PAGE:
The white-necked rockfowl (Picathartes gymnocephalus) is a medium-sized bird in the family Picathartidae, with a long neck and tail. Also known as the white-necked picathartes, this passerine is mainly found in rocky forested areas at higher altitudes in West Africa from Guinea to Ghana. Its distribution is patchy, with populations often being isolated from each other. The rockfowl typically chooses to live near streams and inselbergs. It has no recognized subspecies, though some believe that it forms a superspecies with the grey-necked rockfowl. The white-necked rockfowl has greyish-black upperparts and white underparts. Its unusually long, dark brown tail is used for balance, and its thighs are muscular. The head is nearly featherless, with the exposed skin being bright yellow except for two large, circular black patches located just behind the eyes. Though the bird is usually silent, some calls are known.
|The distribution of the white-necked rockfowl (pink), along with the grey-necked rockfowl (green)|
These rockfowl feed primarily on insects, though parents feed small frogs to their young. One feeding strategy involves following Dorylus army ant swarms, feeding on insects flushed by the ants. Rockfowl move through the forest primarily through a series of hops and bounds or short flights in low vegetation. This species rarely flies for long distances. The white-necked rockfowl is monogamous and pairs nest either alone or in the vicinity of other pairs, sometimes in colonies with as many as eight nests. These nests are constructed out of mud formed into a deep cup and are built on rock surfaces, typically in caves. Two eggs are laid twice a year. Though the birds breed in colonies, infanticide is fairly common in this species, with rockfowl attempting to kill the young of other pairs. Nestlings mature in about a month. This bird is long-lived.
This species is classified as Vulnerable as its dwindling and fragmented populations are threatened by habitat destruction. Conservation efforts are underway in parts of its range in the form of habitat protection, education efforts, and new laws. Some of the indigenous peoples of Sierra Leone considered the species to be a protector of the home of their ancestral spirits. This rockfowl is considered one of Africa's most desirable birds by birders and is a symbol of ecotourism across its range.
This species was first described by Coenraad Jacob Temminck in 1825 from a specimen collected on the Guinean coast. He published his description in the 2nd volume of Nouveau recueil de planches coloriées d'oiseaux and described it as Corvus gymnocephalus, placing it in the crow genus Corvus. The species name is derived from the Ancient Greek words gymnos "naked", and kephalē "head". However, only three years later the bird was removed from the genus Corvus by René Primevère Lesson and placed in its own genus, Picathartes, as it did not share characteristics common to members of Corvus such as a feathered head. This generic name comes from a combination of the Latin genera pica for "magpie" and cathartes for "vulture". Since its initial description, the picathartes have been placed in more than five different families, including those of crows (Corvidae), starlings (Sturnidae), Old World flycatchers (Muscicapidae), babblers (Timaliidae) and Old World warblers (Sylviidae). Today the white-necked rockfowl and its close relative the grey-necked rockfowl are believed to comprise a unique family, Picathartidae. It has also been suggested though not generally accepted that the two rockfowl represent the remnants of an ancient bird order. Recent DNA analysis has shown that Picathartidae and its closest relatives, southern Africa's rockjumpers and southeast Asia's rail-babbler, form a clade. The analysis suggests that the rockfowl split from the common ancestor of their clade 44 million years ago. It is believed that the ancestor of this clade originated in Australia and spread to Africa. Though the white-necked rockfowl has no subspecies, it is believed to form a superspecies with the grey-necked rockfowl, with plumage and facial pattern being the primary differences between the two species.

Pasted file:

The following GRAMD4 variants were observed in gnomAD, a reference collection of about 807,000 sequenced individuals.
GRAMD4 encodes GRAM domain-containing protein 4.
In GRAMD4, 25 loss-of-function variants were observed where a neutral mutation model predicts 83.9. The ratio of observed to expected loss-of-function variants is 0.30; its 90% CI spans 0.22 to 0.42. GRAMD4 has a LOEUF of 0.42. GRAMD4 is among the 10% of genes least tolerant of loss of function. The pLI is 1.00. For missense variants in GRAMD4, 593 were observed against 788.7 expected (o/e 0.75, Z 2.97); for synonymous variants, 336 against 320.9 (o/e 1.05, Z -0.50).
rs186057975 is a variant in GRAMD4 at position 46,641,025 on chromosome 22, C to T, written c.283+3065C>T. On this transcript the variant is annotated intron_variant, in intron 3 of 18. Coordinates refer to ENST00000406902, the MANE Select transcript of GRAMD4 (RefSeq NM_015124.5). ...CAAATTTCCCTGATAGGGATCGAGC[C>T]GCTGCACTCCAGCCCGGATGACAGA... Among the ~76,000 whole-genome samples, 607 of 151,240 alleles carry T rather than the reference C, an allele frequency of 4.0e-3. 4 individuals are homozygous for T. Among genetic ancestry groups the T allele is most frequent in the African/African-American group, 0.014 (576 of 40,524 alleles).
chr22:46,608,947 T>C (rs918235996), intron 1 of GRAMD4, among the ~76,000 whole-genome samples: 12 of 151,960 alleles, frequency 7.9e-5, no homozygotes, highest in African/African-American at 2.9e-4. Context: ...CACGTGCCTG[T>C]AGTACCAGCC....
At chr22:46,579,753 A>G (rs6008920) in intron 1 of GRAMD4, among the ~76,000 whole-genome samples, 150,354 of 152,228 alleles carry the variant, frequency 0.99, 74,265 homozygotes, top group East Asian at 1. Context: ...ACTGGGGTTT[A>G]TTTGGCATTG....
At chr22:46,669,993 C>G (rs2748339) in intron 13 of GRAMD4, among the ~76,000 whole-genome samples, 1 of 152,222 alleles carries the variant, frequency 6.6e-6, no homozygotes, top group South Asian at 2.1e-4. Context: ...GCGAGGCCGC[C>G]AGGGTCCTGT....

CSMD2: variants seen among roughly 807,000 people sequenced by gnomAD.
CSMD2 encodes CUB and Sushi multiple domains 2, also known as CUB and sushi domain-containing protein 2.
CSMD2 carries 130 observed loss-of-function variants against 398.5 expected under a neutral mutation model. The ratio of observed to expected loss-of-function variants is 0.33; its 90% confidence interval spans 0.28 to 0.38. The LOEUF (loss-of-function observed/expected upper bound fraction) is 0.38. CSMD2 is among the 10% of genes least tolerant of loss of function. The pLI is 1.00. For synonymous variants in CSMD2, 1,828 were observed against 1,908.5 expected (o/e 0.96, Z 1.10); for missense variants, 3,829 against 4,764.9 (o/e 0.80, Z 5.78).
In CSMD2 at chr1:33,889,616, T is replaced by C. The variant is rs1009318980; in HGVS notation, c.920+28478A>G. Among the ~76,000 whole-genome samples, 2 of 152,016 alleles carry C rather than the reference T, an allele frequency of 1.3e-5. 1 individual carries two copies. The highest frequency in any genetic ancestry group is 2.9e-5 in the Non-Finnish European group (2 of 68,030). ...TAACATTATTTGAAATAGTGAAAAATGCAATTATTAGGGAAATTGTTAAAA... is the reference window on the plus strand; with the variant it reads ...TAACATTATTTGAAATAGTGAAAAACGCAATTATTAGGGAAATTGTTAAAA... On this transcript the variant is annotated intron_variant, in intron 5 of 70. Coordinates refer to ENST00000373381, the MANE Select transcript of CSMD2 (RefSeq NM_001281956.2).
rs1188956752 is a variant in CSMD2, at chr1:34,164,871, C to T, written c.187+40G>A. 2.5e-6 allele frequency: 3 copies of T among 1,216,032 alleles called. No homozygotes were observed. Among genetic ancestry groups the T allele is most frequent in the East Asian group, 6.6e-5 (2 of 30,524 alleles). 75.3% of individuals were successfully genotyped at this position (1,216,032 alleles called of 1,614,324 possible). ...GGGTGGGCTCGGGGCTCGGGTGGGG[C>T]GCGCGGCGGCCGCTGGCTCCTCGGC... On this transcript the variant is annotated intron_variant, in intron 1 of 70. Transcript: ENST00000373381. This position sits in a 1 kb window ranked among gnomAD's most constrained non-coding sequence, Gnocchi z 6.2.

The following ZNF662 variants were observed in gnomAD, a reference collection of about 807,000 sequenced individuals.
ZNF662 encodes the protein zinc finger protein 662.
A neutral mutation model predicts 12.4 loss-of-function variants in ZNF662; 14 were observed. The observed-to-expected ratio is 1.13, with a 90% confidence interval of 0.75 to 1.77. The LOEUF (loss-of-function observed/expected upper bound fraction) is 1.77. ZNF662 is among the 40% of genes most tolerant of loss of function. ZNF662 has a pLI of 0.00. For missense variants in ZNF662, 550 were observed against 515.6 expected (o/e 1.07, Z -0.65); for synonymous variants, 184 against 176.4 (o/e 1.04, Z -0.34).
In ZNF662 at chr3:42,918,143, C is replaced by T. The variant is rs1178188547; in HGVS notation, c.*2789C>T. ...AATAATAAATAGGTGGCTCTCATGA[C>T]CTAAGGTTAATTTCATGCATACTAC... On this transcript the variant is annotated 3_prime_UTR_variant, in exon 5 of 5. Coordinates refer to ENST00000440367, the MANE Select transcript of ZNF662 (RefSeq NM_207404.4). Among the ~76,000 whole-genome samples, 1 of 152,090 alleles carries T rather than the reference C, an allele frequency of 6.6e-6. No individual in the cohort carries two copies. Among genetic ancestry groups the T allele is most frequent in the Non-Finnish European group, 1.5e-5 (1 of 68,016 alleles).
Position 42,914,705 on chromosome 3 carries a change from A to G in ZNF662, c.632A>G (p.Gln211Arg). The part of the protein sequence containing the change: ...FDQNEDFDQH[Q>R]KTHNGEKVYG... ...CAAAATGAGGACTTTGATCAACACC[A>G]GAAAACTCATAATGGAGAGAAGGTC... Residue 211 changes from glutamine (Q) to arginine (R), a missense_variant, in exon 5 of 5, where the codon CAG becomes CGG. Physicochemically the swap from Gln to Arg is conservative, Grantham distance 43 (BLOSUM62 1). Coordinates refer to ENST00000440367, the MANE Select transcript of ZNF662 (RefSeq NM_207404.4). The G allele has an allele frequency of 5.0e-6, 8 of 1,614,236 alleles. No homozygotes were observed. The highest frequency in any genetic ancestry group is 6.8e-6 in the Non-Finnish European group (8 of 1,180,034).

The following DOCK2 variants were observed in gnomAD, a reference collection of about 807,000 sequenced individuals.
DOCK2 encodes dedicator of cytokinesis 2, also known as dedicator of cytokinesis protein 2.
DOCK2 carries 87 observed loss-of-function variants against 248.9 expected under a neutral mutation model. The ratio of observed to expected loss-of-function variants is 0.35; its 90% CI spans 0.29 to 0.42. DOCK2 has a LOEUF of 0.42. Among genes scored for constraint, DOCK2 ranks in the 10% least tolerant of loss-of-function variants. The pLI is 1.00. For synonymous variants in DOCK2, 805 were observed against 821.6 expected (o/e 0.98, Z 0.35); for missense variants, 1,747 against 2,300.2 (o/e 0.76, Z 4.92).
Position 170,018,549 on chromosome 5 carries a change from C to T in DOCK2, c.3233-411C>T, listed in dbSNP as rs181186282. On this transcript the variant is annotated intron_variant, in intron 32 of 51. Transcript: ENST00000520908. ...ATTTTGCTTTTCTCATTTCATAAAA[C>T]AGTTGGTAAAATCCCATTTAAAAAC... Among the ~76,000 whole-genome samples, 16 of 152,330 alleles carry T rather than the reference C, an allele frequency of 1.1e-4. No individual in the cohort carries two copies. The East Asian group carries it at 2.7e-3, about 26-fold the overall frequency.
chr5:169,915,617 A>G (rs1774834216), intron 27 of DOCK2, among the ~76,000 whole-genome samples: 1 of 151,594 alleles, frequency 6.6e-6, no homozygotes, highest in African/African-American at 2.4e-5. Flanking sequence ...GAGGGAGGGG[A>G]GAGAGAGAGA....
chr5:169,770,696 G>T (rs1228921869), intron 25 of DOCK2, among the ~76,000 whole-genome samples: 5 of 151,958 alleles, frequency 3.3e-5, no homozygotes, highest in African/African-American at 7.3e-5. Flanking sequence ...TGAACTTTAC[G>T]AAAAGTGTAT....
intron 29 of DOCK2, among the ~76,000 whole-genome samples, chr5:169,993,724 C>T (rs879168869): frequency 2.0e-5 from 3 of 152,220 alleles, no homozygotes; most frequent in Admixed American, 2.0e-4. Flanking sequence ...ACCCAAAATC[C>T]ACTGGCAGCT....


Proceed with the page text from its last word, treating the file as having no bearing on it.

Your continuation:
Common names used for this species include white-necked rockfowl, white-necked picathartes, yellow-headed picathartes, bare-headed rockfowl, and the less frequently used white-necked bald crow. Rockfowl is a reference to the species' habit of building mud nests on rock surfaces and caves. Picathartes refers to the species' scientific name. Bald crow is a reference to its featherless head and somewhat crow-like appearance, especially its beak.
This rockfowl measures around 38 to 41 cm (15 to 16 in) in length, with its notably long tail contributing about 18 cm (7.1 in). Adult rockfowl show little sexual dimorphism in plumage and the sexes cannot be told apart by appearance. On the adult, the head, excluding the chin and throat, is completely bare of feathers except for a thin layer of fuzz on the forehead. The head's skin is bright yellow except for two large, circular patches of black skin located just behind the eye and containing the ear; only a thin, 2 mm (0.079 in) wide patch of yellow skin on the crown prevents the two black patches from connecting. The black patch has a raised edge and appears to be a distinct part of the face. The eyelid and eyering are a thin line of black surrounding the bird's large, dark brown eyes. The beak is robust, disproportionately large, and black. This beak can be considered crow-like, is noticeably decurved in the upper mandible, and is about 30 mm (1.2 in) long. The bird's chin and throat are covered in a thin layer of white feathers, and the neck is long and slender. The nape is also covered in white feathers, while the hindneck is nearly bare, revealing the orange-yellow skin. The upper mantle is a solid black, merging into a greyish-black lower mantle. The rockfowl's thighs are very muscular and aid its partially terrestrial lifestyle. The back, rump, and undertail are a bluish grey, while the tail is a dark brown and tented in shape. The moderately-sized wings are also a dark brown. The underparts are a creamy white and appear their creamiest in the upper breast. In dim light the white-necked rockfowl can appear to be solely black above and white below. The legs are blue and relatively long. Overall the plumage appears to be smooth with long feathers. The adult weighs 200 to 250 g (7.1 to 8.8 oz).